Although Thanksgiving isn’t celebrated in England, Canadian Thanksgiving, marked this year on October 13, has always been a turning point in my year. A time to stop and reflect, gather with family and friends and give thanks for what the past twelve months have brought.
As a child, white-haired relatives ringed my parents’ dining table, talking about people and places I knew only by name.
Other years, we’d drive three hours north to my dad’s home town, taking part in community suppers where trestle tables groaned with the bounty of a prairie harvest, and farmers in John Deere hats talked about tractors and hockey.
As an adult, new Thanksgiving traditions have joined or replaced the old.
Out went pumpkin pie and in came chocolate brownies. Thanksgiving dinner is now Sunday lunch, either at home or in a village pub. Sometimes we eat turkey and sometimes we don’t.
But we always call Canada, although those relatives who were so much a part of my childhood now live only in loving memory and fading photos.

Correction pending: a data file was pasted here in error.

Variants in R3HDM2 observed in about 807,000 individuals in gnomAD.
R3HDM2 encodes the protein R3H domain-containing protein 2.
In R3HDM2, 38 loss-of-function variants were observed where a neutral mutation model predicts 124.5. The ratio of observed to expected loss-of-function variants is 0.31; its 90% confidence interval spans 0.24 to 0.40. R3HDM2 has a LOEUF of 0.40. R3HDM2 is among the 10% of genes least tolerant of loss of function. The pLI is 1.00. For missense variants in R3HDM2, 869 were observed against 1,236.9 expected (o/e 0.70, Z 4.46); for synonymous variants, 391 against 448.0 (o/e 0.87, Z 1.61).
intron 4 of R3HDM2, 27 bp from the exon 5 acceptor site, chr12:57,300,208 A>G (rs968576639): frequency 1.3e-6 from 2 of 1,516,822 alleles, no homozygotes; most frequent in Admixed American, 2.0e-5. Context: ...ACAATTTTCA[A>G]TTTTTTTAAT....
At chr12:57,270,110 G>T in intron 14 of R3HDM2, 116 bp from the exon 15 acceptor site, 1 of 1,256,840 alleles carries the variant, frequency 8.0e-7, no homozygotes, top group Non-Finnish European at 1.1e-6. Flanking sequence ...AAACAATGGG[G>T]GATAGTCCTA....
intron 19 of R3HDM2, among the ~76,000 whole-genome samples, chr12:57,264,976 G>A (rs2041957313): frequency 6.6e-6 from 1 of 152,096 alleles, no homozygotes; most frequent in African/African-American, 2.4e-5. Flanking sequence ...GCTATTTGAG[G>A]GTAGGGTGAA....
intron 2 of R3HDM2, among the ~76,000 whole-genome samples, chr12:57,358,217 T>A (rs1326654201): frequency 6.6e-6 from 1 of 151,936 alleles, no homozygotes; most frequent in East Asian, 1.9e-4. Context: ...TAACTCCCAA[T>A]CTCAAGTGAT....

As I prepare to celebrate this Thanksgiving with Tech Guy and English Rose, family and community remain constant. So too does remembering my blessings, counting them like beads on a string.
This year, one of the things I give thanks for is you, my blog readers.
Thank you for connecting with me and supporting my writing journey.
Thank you for telling me what my writing means to you and sharing your stories. Stories that have given me a glimpse of your lives and families.
So whether you celebrate Thanksgiving or not, I wish you time to reflect this weekend and give thanks.
I also wish you the blessings of family and friends and everything that brings you joy.
Even if it includes pumpkin pie.
You always paint such vivid word-pictures, Jen, of your growing up years in your native Canada. It’s good that English Rose is growing up with a mixture of English and Canadian traditions. That must make it easier for you to be over here at times like Thanksgiving.
How nice to have a special time when you reflect on your life and pick out the good parts. Best of all, you then thank the people who have helped you. How lovely to let people know they are appreciated. That can make such a difference.
All this and chocolate brownies, too. Perfect!
As I’ve lived in England for many years, I now consider myself blessed to have two homes and two sets of traditions. One of my favourite English traditions is Bonfire Night. I love fireworks – watching, not setting them off!
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